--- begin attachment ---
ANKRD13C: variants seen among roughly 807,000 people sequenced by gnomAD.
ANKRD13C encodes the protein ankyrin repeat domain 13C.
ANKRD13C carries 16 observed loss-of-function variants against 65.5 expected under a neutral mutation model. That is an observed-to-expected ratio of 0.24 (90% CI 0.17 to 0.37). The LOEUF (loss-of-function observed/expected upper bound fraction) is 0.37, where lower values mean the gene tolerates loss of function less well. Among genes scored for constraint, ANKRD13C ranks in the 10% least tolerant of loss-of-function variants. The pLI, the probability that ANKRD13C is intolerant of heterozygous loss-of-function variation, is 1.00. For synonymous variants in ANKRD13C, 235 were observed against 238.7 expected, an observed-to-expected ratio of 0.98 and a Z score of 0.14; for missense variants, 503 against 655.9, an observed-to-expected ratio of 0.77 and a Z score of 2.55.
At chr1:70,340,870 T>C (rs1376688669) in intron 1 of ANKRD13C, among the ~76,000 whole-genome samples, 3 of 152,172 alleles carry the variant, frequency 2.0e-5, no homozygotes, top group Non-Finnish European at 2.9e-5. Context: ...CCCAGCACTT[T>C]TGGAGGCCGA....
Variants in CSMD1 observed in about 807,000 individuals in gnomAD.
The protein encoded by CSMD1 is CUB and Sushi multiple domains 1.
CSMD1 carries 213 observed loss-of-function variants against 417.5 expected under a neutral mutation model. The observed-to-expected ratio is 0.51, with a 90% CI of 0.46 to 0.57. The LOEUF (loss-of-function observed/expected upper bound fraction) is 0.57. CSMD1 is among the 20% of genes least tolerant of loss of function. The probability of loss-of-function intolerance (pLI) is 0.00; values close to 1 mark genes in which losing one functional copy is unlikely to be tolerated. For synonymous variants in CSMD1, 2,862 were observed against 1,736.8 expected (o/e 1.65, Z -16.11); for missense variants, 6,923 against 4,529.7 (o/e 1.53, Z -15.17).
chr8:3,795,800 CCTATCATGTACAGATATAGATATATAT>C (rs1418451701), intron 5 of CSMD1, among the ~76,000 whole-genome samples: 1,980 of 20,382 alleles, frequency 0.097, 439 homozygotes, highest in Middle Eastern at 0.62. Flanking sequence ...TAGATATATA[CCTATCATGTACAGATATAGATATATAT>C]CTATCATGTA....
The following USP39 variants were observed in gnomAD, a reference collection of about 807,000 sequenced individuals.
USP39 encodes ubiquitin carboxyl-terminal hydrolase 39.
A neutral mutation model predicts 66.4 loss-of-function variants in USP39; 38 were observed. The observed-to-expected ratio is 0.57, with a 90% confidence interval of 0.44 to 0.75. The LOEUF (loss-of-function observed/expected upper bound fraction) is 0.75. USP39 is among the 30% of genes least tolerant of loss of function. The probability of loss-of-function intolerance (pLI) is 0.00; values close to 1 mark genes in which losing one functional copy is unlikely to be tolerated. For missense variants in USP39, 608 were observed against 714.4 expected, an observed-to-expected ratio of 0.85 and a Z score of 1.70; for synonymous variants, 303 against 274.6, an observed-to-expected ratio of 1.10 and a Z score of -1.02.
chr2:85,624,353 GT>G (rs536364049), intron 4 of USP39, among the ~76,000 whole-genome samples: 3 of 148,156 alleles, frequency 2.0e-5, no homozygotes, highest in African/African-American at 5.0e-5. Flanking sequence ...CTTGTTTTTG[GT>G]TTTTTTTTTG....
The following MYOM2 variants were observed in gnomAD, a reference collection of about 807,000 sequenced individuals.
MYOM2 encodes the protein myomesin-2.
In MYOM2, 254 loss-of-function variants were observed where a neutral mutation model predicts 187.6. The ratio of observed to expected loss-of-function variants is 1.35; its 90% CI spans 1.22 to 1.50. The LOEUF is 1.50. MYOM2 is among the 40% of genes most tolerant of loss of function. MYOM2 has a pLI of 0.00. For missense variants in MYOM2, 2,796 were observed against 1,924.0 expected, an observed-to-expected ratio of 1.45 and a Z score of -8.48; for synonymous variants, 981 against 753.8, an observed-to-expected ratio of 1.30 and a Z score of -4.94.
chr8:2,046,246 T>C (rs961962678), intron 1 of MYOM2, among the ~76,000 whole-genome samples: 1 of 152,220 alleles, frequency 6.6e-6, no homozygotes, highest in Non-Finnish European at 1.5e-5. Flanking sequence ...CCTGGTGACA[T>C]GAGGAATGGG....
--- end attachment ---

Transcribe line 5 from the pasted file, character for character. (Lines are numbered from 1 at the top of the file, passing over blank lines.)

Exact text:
Variants in CSMD1 observed in about 807,000 individuals in gnomAD.